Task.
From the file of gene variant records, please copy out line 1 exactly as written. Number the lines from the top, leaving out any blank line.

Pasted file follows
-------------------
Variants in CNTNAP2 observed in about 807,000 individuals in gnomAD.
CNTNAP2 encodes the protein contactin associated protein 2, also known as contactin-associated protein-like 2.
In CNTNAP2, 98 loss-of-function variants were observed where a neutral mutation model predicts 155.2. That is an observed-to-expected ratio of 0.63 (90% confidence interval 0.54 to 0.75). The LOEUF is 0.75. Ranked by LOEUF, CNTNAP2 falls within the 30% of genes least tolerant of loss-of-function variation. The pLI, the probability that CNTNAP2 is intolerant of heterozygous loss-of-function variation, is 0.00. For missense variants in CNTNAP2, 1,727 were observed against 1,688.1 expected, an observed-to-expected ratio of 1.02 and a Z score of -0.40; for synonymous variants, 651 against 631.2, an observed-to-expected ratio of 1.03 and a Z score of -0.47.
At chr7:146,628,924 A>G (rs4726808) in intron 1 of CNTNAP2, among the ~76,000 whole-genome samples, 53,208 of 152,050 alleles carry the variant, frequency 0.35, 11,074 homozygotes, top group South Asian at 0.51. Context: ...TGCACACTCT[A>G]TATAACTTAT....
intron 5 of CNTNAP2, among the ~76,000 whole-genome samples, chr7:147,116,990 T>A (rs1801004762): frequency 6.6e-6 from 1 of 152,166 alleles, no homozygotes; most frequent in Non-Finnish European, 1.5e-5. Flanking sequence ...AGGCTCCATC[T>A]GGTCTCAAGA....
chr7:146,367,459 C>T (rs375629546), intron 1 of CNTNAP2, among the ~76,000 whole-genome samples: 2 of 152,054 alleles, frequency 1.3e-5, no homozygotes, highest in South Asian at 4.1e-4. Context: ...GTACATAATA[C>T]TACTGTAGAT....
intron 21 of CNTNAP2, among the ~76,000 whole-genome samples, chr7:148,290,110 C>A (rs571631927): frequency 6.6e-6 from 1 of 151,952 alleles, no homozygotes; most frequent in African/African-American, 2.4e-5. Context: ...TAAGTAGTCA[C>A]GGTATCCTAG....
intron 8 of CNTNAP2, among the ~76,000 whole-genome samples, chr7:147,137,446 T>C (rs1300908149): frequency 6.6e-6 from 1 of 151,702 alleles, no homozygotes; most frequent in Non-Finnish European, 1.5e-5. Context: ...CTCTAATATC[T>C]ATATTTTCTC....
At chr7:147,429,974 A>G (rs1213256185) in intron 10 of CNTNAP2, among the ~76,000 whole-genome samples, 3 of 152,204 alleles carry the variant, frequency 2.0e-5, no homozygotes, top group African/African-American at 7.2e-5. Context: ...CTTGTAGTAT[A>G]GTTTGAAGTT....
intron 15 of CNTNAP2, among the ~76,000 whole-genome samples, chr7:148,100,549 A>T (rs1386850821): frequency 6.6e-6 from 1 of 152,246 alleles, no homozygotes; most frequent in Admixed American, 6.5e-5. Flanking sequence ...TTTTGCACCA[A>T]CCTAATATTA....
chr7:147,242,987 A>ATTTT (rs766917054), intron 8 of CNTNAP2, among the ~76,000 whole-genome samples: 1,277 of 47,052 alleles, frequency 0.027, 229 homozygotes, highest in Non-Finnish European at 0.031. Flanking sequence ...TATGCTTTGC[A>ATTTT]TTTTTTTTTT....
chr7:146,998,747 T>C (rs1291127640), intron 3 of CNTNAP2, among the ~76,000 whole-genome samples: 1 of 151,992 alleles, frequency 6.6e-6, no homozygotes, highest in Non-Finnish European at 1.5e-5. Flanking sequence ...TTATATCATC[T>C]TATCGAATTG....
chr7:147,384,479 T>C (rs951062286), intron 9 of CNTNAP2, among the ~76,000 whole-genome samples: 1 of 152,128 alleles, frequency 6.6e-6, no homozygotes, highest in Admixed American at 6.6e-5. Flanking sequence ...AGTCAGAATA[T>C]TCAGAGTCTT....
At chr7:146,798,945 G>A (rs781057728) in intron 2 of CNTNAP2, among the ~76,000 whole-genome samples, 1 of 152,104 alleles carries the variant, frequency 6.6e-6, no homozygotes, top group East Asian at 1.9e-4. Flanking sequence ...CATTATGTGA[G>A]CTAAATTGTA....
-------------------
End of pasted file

Variants in CNTNAP2 observed in about 807,000 individuals in gnomAD.